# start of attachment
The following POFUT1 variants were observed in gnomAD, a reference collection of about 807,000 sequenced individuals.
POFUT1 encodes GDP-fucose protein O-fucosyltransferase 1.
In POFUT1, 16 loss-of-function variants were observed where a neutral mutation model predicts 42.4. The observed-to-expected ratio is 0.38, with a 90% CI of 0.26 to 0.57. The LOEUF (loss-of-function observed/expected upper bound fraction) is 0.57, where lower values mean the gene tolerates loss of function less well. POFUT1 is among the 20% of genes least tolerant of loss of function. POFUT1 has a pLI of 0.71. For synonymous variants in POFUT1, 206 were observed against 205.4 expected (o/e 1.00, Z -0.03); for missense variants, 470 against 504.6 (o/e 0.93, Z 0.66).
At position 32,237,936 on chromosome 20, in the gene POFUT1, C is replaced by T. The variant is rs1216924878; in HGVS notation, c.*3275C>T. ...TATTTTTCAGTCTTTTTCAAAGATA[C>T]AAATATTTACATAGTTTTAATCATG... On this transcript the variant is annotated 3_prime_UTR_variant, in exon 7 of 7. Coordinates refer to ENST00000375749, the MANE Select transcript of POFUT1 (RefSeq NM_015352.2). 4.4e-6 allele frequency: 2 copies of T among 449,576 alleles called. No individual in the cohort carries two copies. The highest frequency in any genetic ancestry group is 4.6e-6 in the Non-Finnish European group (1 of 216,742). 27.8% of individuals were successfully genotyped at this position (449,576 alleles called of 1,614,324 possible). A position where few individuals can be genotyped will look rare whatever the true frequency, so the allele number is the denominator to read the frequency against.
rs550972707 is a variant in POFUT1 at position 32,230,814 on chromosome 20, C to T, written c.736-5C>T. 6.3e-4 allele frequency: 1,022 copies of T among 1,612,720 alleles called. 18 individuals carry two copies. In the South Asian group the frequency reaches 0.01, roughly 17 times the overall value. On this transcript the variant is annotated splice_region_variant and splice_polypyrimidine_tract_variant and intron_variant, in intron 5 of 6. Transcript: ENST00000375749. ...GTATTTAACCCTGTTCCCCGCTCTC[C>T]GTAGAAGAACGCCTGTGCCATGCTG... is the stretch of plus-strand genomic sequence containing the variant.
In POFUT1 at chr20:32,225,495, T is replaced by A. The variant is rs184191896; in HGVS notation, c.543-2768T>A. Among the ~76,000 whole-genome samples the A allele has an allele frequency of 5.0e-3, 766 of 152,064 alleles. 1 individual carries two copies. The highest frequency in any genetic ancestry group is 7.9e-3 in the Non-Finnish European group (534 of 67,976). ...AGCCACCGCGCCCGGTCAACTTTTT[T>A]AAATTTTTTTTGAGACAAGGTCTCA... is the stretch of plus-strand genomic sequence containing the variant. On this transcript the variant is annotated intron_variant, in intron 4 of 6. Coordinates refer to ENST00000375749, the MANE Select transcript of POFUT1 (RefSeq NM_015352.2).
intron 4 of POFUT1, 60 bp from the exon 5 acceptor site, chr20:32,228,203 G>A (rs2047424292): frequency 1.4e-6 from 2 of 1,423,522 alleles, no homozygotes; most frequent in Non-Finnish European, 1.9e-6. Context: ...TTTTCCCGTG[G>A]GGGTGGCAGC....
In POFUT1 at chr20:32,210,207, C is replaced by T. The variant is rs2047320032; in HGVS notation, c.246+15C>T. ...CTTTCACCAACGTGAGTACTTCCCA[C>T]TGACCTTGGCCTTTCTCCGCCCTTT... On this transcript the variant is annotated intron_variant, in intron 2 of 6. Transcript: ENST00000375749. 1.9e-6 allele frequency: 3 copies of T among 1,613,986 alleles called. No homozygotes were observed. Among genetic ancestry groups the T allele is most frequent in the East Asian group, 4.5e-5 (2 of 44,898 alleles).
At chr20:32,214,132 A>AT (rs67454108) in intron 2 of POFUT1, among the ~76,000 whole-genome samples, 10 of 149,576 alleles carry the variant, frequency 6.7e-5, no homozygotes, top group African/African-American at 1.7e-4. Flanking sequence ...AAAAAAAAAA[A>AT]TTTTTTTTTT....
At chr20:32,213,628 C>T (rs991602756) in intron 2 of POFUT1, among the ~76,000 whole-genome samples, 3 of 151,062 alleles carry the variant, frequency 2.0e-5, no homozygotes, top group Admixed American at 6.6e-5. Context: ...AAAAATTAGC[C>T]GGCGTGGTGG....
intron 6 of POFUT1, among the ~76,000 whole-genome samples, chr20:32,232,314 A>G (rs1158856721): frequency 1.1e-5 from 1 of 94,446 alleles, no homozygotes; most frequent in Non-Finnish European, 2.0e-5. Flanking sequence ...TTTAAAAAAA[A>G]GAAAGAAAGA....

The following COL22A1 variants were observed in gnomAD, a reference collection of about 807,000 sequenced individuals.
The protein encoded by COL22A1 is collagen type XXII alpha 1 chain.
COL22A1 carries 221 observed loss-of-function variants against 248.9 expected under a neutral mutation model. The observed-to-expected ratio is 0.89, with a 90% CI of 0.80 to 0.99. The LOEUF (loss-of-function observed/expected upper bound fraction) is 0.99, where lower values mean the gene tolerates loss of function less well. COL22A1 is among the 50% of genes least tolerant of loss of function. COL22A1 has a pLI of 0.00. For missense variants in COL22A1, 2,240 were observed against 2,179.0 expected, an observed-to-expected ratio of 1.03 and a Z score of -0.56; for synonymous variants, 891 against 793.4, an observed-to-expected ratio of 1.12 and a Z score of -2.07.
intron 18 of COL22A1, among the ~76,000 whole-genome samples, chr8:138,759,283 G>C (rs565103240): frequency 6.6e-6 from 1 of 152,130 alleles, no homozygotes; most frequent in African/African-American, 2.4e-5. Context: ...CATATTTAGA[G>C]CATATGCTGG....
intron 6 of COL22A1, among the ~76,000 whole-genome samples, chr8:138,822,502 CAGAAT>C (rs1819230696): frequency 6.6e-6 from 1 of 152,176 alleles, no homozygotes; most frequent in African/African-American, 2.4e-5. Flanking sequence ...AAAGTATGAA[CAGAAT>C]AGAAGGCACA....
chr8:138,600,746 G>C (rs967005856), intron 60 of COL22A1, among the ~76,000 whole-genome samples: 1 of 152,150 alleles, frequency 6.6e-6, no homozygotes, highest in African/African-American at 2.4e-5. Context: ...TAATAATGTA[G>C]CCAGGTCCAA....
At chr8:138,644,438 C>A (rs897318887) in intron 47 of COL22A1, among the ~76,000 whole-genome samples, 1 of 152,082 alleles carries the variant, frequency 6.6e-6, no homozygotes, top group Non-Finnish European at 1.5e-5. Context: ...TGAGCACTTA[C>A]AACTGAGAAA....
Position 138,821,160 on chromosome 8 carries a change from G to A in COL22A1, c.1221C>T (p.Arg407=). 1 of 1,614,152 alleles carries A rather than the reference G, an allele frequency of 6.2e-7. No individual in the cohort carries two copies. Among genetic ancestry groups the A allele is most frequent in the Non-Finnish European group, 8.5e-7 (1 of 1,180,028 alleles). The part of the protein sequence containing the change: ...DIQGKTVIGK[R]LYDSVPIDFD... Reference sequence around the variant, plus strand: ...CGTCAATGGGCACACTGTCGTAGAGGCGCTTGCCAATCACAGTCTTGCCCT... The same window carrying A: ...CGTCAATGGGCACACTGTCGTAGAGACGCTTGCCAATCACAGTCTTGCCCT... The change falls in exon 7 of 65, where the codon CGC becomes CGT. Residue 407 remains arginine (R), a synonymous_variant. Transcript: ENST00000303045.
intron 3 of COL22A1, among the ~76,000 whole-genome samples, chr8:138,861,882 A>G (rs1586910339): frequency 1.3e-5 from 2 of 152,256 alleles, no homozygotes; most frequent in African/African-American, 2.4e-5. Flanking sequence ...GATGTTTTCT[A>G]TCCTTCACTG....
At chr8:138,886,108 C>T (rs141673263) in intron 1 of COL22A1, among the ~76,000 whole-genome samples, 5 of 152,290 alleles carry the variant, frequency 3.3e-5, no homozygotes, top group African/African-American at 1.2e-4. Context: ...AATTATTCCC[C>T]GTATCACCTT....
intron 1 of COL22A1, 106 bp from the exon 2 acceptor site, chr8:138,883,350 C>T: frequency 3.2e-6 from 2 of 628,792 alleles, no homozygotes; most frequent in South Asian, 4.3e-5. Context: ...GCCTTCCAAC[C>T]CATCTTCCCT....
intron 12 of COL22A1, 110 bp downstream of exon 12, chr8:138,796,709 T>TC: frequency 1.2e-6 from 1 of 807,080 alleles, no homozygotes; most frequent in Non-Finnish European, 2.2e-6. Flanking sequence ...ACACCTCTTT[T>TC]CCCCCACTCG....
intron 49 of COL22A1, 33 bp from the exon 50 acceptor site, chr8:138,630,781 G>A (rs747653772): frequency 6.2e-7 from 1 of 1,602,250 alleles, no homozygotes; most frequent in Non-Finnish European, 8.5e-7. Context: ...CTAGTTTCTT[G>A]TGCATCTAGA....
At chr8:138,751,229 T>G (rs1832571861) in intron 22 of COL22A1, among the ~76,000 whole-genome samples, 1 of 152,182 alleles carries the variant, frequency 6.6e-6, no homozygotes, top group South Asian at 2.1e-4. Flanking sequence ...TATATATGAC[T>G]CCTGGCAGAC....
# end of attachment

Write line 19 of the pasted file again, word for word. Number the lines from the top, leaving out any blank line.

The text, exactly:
Position 138,821,160 on chromosome 8 carries a change from G to A in COL22A1, c.1221C>T (p.Arg407=). 1 of 1,614,152 alleles carries A rather than the reference G, an allele frequency of 6.2e-7. No individual in the cohort carries two copies. Among genetic ancestry groups the A allele is most frequent in the Non-Finnish European group, 8.5e-7 (1 of 1,180,028 alleles). The part of the protein sequence containing the change: ...DIQGKTVIGK[R]LYDSVPIDFD... Reference sequence around the variant, plus strand: ...CGTCAATGGGCACACTGTCGTAGAGGCGCTTGCCAATCACAGTCTTGCCCT... The same window carrying A: ...CGTCAATGGGCACACTGTCGTAGAGACGCTTGCCAATCACAGTCTTGCCCT... The change falls in exon 7 of 65, where the codon CGC becomes CGT. Residue 407 remains arginine (R), a synonymous_variant. Transcript: ENST00000303045.